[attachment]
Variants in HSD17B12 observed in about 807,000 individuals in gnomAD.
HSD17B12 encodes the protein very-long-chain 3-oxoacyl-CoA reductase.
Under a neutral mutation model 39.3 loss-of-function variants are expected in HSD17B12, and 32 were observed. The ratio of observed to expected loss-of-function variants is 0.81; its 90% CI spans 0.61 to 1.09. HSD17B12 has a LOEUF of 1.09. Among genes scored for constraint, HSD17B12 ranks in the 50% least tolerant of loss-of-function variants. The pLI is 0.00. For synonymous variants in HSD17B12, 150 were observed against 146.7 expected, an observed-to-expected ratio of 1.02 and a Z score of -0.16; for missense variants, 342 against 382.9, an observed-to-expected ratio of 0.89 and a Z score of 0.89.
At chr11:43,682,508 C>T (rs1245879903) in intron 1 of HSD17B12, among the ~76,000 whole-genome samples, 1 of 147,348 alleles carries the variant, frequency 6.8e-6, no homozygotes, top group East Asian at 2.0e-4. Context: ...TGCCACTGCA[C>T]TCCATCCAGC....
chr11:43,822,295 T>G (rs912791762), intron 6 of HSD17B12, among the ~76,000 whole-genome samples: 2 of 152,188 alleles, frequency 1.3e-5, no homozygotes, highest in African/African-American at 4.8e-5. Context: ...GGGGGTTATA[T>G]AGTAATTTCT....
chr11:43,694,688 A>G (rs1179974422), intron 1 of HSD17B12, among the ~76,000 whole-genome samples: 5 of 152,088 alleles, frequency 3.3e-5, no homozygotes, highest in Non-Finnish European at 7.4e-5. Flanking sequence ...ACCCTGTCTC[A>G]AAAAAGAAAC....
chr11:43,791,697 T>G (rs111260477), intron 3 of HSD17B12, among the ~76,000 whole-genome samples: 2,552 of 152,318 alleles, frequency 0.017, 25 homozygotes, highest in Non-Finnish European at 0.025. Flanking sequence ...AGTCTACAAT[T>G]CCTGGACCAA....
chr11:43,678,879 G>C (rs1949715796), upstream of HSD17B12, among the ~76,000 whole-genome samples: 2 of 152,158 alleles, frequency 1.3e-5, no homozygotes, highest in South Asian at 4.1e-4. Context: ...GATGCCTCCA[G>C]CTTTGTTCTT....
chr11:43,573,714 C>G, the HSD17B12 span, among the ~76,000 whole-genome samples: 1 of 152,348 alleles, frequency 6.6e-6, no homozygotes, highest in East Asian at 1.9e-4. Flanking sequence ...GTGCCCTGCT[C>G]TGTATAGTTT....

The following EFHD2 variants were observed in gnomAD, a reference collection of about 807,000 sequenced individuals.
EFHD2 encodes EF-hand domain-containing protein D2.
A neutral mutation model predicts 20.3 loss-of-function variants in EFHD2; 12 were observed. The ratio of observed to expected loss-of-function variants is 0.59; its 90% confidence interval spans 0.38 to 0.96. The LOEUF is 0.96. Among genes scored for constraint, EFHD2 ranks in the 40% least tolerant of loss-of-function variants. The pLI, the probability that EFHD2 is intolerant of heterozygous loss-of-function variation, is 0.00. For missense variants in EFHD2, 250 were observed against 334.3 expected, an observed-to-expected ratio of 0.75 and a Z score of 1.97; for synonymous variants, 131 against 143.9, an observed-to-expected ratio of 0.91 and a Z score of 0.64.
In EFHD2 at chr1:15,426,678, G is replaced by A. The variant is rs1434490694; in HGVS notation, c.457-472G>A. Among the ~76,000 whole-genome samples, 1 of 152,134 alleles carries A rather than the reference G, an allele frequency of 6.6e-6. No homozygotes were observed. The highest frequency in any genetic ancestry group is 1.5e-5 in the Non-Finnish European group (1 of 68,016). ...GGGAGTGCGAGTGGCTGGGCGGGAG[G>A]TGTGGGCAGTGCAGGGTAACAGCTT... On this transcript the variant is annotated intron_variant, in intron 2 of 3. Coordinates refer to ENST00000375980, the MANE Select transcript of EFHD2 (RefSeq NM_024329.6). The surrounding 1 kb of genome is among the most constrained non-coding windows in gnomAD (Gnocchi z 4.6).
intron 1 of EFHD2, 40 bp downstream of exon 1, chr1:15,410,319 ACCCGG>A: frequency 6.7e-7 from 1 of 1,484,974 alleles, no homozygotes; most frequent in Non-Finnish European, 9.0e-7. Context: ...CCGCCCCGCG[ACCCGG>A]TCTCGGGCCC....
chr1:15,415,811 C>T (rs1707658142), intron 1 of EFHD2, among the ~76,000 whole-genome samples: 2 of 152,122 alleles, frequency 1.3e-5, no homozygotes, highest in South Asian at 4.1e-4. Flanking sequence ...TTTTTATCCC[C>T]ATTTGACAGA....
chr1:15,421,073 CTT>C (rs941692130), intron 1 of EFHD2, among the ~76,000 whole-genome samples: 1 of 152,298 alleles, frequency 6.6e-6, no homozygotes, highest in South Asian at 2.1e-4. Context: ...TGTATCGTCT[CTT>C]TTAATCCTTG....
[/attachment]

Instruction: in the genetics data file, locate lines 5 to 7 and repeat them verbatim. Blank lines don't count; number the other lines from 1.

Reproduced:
chr11:43,822,295 T>G (rs912791762), intron 6 of HSD17B12, among the ~76,000 whole-genome samples: 2 of 152,188 alleles, frequency 1.3e-5, no homozygotes, highest in African/African-American at 4.8e-5. Context: ...GGGGGTTATA[T>G]AGTAATTTCT....
chr11:43,694,688 A>G (rs1179974422), intron 1 of HSD17B12, among the ~76,000 whole-genome samples: 5 of 152,088 alleles, frequency 3.3e-5, no homozygotes, highest in Non-Finnish European at 7.4e-5. Flanking sequence ...ACCCTGTCTC[A>G]AAAAAGAAAC....
chr11:43,791,697 T>G (rs111260477), intron 3 of HSD17B12, among the ~76,000 whole-genome samples: 2,552 of 152,318 alleles, frequency 0.017, 25 homozygotes, highest in Non-Finnish European at 0.025. Flanking sequence ...AGTCTACAAT[T>G]CCTGGACCAA....